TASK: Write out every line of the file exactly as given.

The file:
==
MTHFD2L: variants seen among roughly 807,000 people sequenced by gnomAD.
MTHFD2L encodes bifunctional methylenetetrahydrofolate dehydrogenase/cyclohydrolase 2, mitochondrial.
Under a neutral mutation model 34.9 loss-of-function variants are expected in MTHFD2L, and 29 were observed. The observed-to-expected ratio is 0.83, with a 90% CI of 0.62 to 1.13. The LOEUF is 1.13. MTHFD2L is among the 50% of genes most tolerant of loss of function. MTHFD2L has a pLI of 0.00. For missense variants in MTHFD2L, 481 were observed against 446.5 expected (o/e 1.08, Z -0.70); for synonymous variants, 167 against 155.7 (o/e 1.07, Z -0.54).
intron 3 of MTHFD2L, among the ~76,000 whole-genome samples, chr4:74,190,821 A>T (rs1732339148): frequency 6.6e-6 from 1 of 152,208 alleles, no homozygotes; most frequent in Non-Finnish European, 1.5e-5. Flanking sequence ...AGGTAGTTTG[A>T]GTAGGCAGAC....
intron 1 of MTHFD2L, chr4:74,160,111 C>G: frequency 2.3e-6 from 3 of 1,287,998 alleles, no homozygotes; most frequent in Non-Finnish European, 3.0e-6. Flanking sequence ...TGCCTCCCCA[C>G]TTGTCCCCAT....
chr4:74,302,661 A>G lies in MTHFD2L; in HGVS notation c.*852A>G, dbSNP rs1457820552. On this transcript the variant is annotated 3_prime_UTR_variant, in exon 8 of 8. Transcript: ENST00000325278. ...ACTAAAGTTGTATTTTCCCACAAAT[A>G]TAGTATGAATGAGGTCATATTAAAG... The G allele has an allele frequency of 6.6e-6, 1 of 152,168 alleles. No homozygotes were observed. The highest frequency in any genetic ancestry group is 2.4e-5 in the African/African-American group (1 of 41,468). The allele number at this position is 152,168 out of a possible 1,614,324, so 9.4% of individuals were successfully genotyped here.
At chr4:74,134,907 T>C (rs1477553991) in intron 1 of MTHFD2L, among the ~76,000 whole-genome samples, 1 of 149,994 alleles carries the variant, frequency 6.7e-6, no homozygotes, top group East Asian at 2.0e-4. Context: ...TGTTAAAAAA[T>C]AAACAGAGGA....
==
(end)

MTHFD2L: variants seen among roughly 807,000 people sequenced by gnomAD.
MTHFD2L encodes bifunctional methylenetetrahydrofolate dehydrogenase/cyclohydrolase 2, mitochondrial.
Under a neutral mutation model 34.9 loss-of-function variants are expected in MTHFD2L, and 29 were observed. The observed-to-expected ratio is 0.83, with a 90% CI of 0.62 to 1.13. The LOEUF is 1.13. MTHFD2L is among the 50% of genes most tolerant of loss of function. MTHFD2L has a pLI of 0.00. For missense variants in MTHFD2L, 481 were observed against 446.5 expected (o/e 1.08, Z -0.70); for synonymous variants, 167 against 155.7 (o/e 1.07, Z -0.54).
intron 3 of MTHFD2L, among the ~76,000 whole-genome samples, chr4:74,190,821 A>T (rs1732339148): frequency 6.6e-6 from 1 of 152,208 alleles, no homozygotes; most frequent in Non-Finnish European, 1.5e-5. Flanking sequence ...AGGTAGTTTG[A>T]GTAGGCAGAC....
intron 1 of MTHFD2L, chr4:74,160,111 C>G: frequency 2.3e-6 from 3 of 1,287,998 alleles, no homozygotes; most frequent in Non-Finnish European, 3.0e-6. Flanking sequence ...TGCCTCCCCA[C>G]TTGTCCCCAT....
chr4:74,302,661 A>G lies in MTHFD2L; in HGVS notation c.*852A>G, dbSNP rs1457820552. On this transcript the variant is annotated 3_prime_UTR_variant, in exon 8 of 8. Transcript: ENST00000325278. ...ACTAAAGTTGTATTTTCCCACAAAT[A>G]TAGTATGAATGAGGTCATATTAAAG... The G allele has an allele frequency of 6.6e-6, 1 of 152,168 alleles. No homozygotes were observed. The highest frequency in any genetic ancestry group is 2.4e-5 in the African/African-American group (1 of 41,468). The allele number at this position is 152,168 out of a possible 1,614,324, so 9.4% of individuals were successfully genotyped here.
At chr4:74,134,907 T>C (rs1477553991) in intron 1 of MTHFD2L, among the ~76,000 whole-genome samples, 1 of 149,994 alleles carries the variant, frequency 6.7e-6, no homozygotes, top group East Asian at 2.0e-4. Context: ...TGTTAAAAAA[T>C]AAACAGAGGA....